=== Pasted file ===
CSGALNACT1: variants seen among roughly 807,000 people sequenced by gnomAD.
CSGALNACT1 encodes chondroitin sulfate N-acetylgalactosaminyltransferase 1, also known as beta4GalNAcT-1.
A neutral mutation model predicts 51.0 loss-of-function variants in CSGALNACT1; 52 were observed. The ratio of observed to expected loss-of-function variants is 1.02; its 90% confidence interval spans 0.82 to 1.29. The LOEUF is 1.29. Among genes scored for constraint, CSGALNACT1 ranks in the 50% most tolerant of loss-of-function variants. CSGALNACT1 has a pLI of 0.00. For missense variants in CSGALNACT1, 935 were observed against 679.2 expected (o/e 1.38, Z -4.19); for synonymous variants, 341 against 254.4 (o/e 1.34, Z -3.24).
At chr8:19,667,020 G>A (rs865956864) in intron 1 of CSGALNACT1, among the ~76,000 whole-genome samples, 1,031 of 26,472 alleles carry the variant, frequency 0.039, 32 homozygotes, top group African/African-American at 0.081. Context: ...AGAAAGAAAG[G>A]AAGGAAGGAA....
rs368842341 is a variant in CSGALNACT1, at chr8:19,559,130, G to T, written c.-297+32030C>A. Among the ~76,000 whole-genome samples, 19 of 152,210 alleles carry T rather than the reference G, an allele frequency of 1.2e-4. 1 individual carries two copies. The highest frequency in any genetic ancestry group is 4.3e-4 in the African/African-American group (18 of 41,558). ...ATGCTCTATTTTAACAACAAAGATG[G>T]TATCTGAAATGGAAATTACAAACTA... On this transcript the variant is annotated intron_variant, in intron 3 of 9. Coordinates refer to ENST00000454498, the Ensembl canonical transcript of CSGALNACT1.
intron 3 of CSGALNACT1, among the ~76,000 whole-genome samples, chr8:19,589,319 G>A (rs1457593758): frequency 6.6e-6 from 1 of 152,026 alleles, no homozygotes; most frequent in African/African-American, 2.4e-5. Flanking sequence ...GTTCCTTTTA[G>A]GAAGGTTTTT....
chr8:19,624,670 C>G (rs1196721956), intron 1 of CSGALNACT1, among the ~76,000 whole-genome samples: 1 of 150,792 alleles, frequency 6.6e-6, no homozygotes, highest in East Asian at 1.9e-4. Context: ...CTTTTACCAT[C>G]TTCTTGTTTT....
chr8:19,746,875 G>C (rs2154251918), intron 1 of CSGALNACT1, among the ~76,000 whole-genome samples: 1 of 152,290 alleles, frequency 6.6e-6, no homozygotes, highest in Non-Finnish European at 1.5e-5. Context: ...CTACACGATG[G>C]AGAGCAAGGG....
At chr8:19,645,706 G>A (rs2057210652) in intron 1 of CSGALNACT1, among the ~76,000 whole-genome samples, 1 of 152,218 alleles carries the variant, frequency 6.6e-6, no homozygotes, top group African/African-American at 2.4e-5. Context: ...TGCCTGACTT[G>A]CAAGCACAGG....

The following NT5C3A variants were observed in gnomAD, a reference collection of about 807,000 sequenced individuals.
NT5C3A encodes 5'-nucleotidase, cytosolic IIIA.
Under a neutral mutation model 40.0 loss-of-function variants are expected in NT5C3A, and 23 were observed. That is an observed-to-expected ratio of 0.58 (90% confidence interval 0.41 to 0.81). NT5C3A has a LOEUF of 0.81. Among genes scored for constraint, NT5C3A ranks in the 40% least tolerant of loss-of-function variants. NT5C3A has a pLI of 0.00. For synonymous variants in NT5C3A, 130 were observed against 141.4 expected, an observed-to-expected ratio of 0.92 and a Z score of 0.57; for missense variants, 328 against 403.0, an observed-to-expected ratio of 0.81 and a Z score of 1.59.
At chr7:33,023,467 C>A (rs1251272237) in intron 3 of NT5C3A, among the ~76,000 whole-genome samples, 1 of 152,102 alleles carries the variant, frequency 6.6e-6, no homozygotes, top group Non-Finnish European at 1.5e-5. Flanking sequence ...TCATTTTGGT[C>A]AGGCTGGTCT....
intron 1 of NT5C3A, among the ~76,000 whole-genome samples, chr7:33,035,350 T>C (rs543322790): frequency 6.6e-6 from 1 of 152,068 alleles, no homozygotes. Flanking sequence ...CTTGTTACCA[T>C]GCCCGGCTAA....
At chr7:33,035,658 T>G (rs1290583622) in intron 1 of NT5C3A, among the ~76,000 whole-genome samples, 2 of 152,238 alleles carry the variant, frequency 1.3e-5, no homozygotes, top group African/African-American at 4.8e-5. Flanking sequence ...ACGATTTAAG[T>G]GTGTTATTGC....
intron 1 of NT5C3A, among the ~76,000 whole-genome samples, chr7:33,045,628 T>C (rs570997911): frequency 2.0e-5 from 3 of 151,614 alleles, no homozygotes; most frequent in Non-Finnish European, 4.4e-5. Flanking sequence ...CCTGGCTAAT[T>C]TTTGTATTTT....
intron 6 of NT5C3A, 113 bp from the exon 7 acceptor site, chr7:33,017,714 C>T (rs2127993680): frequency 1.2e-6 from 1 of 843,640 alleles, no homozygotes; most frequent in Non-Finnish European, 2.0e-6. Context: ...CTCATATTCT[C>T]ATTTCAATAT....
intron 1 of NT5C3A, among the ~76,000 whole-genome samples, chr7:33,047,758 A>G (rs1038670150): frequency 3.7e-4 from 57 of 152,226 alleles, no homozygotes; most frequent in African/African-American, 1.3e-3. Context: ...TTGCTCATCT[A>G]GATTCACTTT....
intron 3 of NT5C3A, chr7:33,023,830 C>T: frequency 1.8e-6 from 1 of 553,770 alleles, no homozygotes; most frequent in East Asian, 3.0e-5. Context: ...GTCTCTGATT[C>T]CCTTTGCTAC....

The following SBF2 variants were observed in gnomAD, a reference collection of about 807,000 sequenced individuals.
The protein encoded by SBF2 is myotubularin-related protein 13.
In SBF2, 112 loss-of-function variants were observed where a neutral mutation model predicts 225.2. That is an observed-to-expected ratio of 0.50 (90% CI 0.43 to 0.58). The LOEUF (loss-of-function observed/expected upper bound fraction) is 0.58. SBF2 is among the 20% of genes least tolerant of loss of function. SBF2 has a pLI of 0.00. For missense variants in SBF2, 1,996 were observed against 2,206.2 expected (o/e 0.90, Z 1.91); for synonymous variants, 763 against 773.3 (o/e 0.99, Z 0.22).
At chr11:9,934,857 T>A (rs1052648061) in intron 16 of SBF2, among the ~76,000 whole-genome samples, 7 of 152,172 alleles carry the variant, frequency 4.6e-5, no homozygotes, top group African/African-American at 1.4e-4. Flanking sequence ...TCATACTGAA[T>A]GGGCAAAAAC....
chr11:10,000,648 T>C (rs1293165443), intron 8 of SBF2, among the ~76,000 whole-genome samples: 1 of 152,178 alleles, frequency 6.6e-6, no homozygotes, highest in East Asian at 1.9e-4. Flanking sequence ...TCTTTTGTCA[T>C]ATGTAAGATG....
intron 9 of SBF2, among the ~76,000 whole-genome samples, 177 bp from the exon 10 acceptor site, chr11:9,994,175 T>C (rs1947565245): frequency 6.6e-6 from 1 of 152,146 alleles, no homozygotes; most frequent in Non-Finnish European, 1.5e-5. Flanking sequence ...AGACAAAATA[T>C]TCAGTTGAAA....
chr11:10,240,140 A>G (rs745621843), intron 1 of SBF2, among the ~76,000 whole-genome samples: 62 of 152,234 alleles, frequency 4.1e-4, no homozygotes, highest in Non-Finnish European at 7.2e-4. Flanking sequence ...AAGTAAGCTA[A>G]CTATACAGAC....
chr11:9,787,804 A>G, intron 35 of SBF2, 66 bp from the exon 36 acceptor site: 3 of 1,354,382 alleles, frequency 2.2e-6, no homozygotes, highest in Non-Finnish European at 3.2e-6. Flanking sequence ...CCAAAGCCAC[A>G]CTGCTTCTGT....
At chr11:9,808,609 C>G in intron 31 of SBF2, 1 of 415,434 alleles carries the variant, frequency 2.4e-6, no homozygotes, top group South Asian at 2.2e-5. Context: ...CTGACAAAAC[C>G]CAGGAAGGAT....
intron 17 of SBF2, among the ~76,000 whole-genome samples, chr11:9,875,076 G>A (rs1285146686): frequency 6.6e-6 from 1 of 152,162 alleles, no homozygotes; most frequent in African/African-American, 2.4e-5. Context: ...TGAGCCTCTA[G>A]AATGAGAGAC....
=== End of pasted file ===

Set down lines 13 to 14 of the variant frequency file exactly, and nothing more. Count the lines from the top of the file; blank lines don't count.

At chr7:33,023,467 C>A (rs1251272237) in intron 3 of NT5C3A, among the ~76,000 whole-genome samples, 1 of 152,102 alleles carries the variant, frequency 6.6e-6, no homozygotes, top group Non-Finnish European at 1.5e-5. Flanking sequence ...TCATTTTGGT[C>A]AGGCTGGTCT....
intron 1 of NT5C3A, among the ~76,000 whole-genome samples, chr7:33,035,350 T>C (rs543322790): frequency 6.6e-6 from 1 of 152,068 alleles, no homozygotes. Flanking sequence ...CTTGTTACCA[T>C]GCCCGGCTAA....